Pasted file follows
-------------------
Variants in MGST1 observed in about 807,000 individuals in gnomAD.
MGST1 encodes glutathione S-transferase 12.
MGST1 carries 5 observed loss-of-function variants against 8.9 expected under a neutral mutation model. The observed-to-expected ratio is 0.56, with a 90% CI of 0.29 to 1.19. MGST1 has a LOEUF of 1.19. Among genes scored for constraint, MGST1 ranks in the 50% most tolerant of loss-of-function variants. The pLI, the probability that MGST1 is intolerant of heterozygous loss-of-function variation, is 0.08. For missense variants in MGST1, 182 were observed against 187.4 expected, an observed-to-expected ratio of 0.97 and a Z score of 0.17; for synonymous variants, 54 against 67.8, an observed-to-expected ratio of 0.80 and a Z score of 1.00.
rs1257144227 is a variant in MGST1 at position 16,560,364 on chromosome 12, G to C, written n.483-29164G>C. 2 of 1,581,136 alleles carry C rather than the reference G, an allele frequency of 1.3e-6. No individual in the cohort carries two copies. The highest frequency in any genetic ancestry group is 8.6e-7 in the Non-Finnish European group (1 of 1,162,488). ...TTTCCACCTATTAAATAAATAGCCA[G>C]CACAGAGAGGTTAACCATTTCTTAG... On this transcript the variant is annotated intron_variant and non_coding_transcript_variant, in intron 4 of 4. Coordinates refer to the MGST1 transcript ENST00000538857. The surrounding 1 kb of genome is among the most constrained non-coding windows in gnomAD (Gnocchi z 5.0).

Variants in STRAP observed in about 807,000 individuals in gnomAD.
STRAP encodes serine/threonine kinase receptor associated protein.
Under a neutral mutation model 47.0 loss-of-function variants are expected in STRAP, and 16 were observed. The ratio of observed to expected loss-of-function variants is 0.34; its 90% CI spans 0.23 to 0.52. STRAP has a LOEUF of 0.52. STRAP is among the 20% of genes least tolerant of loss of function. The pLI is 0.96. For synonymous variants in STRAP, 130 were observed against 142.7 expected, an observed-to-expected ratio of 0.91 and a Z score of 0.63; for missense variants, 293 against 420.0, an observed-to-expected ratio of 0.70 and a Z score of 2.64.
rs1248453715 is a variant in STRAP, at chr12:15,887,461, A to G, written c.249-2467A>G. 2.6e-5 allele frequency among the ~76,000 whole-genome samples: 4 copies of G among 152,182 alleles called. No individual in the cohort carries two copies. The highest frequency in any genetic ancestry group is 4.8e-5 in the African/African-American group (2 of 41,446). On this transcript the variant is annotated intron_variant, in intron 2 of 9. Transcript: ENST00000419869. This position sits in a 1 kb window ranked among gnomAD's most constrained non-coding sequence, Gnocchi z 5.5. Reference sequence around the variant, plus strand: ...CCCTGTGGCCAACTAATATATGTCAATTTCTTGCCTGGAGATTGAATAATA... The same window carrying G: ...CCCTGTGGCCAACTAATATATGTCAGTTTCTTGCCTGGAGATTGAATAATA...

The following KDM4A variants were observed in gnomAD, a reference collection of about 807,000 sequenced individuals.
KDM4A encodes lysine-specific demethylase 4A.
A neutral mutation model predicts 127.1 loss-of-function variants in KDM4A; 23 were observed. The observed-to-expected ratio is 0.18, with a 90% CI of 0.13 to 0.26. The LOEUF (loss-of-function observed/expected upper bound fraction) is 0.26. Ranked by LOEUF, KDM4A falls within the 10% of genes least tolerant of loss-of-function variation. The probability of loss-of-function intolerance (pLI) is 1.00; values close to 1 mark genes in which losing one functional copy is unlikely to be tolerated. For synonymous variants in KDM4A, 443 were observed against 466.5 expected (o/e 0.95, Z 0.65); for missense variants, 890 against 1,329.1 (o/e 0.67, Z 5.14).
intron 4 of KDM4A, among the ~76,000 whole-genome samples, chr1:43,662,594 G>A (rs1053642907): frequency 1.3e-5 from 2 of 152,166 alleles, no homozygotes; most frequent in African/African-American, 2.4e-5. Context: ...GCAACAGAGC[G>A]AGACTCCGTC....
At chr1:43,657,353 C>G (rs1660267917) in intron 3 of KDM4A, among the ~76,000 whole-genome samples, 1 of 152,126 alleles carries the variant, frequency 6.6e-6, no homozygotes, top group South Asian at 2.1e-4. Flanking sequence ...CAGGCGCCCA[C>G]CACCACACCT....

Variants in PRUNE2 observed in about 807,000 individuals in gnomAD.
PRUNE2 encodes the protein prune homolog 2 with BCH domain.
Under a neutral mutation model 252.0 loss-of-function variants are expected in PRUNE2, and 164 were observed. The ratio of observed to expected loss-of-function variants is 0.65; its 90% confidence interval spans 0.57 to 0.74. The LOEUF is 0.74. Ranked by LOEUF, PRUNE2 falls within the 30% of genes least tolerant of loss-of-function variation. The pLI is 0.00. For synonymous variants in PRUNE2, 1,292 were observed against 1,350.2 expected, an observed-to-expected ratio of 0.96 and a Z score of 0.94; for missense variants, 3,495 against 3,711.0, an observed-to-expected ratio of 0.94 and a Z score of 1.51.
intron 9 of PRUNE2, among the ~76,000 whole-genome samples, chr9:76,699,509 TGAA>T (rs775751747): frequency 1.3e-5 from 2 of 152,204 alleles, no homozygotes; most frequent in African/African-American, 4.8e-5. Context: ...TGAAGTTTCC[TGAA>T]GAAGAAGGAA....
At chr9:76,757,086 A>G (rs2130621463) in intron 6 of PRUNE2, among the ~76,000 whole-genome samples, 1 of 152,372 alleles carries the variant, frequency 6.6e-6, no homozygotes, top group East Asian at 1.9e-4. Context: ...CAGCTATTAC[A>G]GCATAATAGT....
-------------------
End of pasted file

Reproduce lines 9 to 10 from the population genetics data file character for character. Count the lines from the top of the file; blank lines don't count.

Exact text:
The following KDM4A variants were observed in gnomAD, a reference collection of about 807,000 sequenced individuals.
KDM4A encodes lysine-specific demethylase 4A.